I’m also going to say that health and fitness, is a soft skill that is sorely lacking, even though it’s really important — although the reason why might not be obvious. First of all, a healthy and fit software developer is going to have more energy, so they are going to be able to get more done. Secondly, they are going to have more confidence, which is going to translate into success in many of their undertakings since success breeds success.

What are the benefits to developers of focusing on things like professionalism, financial security and relationships?

There are numerous personal and professional benefits, but let’s just talk about one of the most important ones: balance.

You can be awesome technically, have a great career, make lots of money and even be in the top of your field, but what happens when you have a huge fight with your spouse, or your poorly managed finances cause you undue stress, or — worst case scenario- your heart gives out?

You can be flying high in one or two areas of your life, but if you don’t manage your relationships, your finances, your health, your mental state and other important areas of your life, that turbulence can shake your plane apart and cause you to crash right into the ground.

What else can programmers do to increase their value as an employee and get paid more?

One thing I always recommend is to take on more responsibility. Pay always follows responsibility so if you can choose between more money and more responsibility, choose responsibility because pay will follow shortly afterwards. Look for ways you can take ownership of projects — especially areas of the business that other people don’t want to deal with.

Find ways to increase your value, through leverage. And individual developer can only do so much, but a developer who inspires the team, teaches them new skills and leads them to becoming more productive, is extremely valuable.

What advice can you offer programmers who are looking to make a job switch? What’s the first thing they should do?

First, I’d say you need to examine why you want to make a job switch. What is it exactly that you are not getting that you are looking for and are you sure that a new job will fill that need?

It’s easy to be dissatisfied with where you are and think that a new job or a little more money will fix it, but often it doesn’t because the problem is not with your environment, it’s with you. So, I always advise programmers to start there — asking the difficult questions before they even embark on the search for a new job.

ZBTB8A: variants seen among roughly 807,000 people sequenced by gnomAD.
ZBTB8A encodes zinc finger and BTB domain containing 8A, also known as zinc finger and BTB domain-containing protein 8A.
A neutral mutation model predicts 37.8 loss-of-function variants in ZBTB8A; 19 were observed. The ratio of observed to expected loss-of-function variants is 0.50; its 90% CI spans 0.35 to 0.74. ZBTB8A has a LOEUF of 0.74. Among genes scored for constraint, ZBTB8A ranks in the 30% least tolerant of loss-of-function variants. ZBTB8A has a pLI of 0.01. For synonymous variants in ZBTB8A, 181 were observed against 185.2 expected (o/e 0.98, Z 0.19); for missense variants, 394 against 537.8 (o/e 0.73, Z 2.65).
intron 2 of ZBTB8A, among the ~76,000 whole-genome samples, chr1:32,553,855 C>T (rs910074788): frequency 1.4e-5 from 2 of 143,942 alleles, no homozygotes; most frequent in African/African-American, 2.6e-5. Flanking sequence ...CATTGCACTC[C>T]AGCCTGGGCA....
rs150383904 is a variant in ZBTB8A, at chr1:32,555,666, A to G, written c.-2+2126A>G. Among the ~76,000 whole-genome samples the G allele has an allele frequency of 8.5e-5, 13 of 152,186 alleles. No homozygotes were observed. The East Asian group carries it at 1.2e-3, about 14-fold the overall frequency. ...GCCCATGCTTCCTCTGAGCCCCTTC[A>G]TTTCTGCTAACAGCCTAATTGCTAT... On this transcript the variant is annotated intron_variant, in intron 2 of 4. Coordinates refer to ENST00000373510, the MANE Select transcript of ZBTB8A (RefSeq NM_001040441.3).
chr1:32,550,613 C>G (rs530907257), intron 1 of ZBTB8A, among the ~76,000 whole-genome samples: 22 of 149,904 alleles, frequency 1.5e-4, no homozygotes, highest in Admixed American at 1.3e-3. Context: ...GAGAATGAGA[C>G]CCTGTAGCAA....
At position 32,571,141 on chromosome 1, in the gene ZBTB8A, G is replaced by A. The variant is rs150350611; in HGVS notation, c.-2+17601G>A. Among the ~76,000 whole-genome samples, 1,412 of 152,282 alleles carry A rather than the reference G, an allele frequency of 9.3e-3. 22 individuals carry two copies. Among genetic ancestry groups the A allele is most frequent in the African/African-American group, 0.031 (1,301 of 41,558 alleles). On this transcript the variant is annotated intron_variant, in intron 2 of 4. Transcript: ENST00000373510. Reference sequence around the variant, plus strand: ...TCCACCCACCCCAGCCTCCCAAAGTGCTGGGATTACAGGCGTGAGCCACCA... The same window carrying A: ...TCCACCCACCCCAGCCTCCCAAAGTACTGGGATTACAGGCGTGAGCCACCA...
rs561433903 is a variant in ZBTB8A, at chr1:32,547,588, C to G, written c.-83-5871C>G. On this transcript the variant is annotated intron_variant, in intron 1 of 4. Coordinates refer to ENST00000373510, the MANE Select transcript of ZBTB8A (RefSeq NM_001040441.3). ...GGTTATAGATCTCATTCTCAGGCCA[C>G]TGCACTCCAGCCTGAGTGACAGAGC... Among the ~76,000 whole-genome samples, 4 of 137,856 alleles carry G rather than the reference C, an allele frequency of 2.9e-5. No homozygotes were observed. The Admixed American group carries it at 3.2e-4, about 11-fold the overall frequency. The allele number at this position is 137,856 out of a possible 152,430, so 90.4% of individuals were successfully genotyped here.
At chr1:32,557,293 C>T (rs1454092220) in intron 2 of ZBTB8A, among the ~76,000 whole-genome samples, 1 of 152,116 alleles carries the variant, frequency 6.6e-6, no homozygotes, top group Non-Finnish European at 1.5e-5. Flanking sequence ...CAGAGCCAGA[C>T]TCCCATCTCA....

Often, it’s a good idea to see what you can do or how you can change your attitude at your current job, before going and looking elsewhere. But if you know you need a change, the first thing I’d advise is to set clear objectives for what you are looking for in your next job (What is the salary you want? What benefits? What kind of working environment, technologies, etc.?)

The clearer you paint the picture of what you are looking for, the easier it will be to find it and the better of an idea you’ll have of where to look and how to structure your resume and job search to match it.

What are the most common mistakes or oversights you see programmers making in their job searches?

Not being specific enough.

Don’t look for a job doing “Java development.” Look for a job doing Java development with a particular technology stack and gear your job search and resume toward that particular specialization. It’s better to match 10 jobs perfectly than to be a decent fit for 100. You’ll not only be more likely to get the job, but also to get a higher offer.

So, specialize if you haven’t already and tailor your job search as specifically as possible to match the jobs you are applying for as perfectly as possible.

What advice do you find yourself repeating to the people you coach over and over?

Fail more. Get out there, climb up the ladder to the high dive, spread your wings and belly flop right into the pool. Yes, it will sting a bit, but you’ll learn and you’ll grow and if people laugh and make fun of you, so what?

Too many people are afraid to fail or afraid to look like an idiot, but you learn and progress in life by being willing to take chances and being willing to fail your way to success. The most successful people in life are the ones who fail the most. So, if you want to win more, fail more.

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Originally published at www.paysa.com on November 21, 2016.